François Girardon

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The following article is from The Great Soviet Encyclopedia (1979). It might be outdated or ideologically biased.

Girardon, François

 

Born Mar. 17, 1628, in Troyes, in Champagne; died Sept. 1, 1715, in Paris. French sculptor; representative of French 17th-century classicism.

Girardon studied in Troyes and then in Rome with L. Bernini (until 1650) and was influenced by baroque art. He was elected to the Royal Academy of Painting and Sculpture in Paris in 1657 (a professor from 1659). Girardon was a master of monumental and decorative sculpture. He created sculptural groups (The Rape of Persephone, marble, 1699), decorative vases for the palace and park in Versailles, the monument for Cardinal Richelieu in the church of the Sorbonne (marble, 1675–94), an equestrian statue of Louis XIV for the Place Vendome in Paris (bronze, 1683–99; destroyed, 1792), and a number of portrait busts.

REFERENCES

Francastel, P. Girardon. Paris, 1928.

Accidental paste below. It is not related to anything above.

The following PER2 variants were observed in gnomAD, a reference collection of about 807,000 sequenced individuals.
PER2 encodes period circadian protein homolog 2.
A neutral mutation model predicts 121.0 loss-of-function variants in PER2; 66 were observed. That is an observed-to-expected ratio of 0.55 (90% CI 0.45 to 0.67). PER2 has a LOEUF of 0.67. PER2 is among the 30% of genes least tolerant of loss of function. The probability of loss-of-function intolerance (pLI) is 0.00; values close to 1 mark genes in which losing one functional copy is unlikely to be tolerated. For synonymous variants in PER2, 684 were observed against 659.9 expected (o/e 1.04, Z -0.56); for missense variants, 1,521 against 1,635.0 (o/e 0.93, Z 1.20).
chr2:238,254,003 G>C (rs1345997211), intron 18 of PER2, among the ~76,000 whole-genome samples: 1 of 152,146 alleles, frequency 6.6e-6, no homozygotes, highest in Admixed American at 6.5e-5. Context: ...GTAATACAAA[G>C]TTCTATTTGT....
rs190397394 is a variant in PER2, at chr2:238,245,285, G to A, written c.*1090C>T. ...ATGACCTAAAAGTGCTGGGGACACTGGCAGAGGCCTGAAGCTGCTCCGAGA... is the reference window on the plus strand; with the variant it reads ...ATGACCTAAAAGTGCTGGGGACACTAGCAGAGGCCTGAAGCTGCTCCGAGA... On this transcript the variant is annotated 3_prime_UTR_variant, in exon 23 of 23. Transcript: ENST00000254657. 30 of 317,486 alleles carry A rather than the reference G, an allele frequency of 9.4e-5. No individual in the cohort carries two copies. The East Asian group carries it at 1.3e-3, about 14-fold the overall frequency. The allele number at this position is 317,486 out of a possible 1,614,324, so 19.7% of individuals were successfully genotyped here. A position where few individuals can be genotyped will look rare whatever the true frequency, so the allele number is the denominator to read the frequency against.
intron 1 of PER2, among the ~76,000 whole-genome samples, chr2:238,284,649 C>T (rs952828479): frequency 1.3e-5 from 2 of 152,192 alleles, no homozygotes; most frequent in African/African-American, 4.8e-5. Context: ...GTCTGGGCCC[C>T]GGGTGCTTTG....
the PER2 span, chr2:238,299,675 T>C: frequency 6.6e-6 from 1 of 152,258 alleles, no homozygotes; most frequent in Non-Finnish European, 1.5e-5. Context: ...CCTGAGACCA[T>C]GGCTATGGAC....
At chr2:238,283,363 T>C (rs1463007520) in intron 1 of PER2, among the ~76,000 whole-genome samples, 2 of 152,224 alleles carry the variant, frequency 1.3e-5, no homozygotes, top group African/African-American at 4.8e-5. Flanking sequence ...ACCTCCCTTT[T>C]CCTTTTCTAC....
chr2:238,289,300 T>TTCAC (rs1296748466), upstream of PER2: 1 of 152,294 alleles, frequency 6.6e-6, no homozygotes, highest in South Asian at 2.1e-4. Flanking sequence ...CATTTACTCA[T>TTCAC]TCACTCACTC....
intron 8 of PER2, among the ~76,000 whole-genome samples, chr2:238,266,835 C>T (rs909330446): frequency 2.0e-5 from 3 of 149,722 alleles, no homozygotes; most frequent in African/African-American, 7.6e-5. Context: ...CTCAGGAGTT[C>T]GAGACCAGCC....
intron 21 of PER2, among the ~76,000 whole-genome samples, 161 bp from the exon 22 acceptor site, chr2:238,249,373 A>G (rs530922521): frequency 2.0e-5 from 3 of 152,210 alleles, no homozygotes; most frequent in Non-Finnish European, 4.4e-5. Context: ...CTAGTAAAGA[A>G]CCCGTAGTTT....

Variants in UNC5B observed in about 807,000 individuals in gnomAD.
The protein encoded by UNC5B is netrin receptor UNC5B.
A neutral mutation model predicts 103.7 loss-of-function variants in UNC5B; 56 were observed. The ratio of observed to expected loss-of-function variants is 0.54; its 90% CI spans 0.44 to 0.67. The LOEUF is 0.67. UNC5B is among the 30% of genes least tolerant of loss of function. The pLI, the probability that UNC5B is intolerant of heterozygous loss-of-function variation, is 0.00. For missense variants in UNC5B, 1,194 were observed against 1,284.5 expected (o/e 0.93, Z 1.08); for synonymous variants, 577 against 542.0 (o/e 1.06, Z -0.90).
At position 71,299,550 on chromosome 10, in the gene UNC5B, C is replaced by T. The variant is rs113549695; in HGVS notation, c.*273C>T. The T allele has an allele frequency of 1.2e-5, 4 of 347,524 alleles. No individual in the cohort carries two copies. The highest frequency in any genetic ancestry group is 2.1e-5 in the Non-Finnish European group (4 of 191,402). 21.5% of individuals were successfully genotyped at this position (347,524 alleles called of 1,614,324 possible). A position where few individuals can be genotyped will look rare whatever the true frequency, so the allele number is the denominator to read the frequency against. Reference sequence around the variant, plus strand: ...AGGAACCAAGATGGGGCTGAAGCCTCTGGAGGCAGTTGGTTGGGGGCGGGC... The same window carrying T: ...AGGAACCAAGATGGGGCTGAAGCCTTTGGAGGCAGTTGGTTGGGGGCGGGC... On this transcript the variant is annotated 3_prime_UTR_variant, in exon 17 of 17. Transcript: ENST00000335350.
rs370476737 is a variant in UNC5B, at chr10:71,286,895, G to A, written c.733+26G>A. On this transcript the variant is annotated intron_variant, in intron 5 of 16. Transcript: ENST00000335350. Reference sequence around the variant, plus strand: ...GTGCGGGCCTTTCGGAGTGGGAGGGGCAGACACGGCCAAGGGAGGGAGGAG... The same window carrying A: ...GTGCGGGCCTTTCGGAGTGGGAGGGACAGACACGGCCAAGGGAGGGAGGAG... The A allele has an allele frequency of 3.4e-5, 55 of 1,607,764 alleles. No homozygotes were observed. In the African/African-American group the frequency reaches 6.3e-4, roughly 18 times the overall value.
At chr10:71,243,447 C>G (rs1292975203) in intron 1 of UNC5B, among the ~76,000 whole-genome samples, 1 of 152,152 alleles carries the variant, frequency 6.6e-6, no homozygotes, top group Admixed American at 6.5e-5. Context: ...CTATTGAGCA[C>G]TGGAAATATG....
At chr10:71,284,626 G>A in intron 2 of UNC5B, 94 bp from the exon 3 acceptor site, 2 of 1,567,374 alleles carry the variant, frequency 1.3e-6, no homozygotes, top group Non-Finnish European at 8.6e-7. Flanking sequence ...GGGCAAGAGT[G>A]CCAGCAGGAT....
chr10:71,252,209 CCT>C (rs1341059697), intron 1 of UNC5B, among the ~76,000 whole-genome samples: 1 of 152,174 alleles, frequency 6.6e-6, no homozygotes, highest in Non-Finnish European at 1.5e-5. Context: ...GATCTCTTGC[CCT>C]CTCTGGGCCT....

The Great Soviet Encyclopedia, 3rd Edition (1970-1979). © 2010 The Gale Group, Inc. All rights reserved.
References in periodicals archive ?
Portrait of Francois Girardon, 1701, Joseph Vivien (1657-1734), pastel on paper, 91.8x74.60m.
Myth-making is a major theme of the exhibition as witnessed in the massive seven-piece sculpture of "Apollo Tended by the Nymphs" by Francois Girardon, the greatest sculpture of Louis' reign.
The first is a metre-high equestrian portrait of the Sun King by his court sculptor, Francois Girardon. Cast some time between 1690 and 1699, it is a reduced-scale version of the monumental seven-metre-high statue made for the Place Vendome and destroyed during the French Revolution.
If this were to happen, one may well believe that these productions of our own time would be placed side by side with the finest works of Antiquity.' (2) The sculpture Voltaire refers to is the work of Francois Girardon and Thomas Regnaudin, which shows Louis XIV in the guise of Apollo, served by six nymphs (Fig.
Francois Girardon (1628-1715), arguably the most influential sculptor in France under Louis XIV, was also an extraordinary collector of sculpture, amassing over 800 pieces that ranged from classical antiquities and copies after the antique to the contemporary.
They entered the French artistic bloodstream equally soon by way of Francois Girardon (who owned 30 casts of Du Quesnoy's work) and yet were not reproduced so widely there.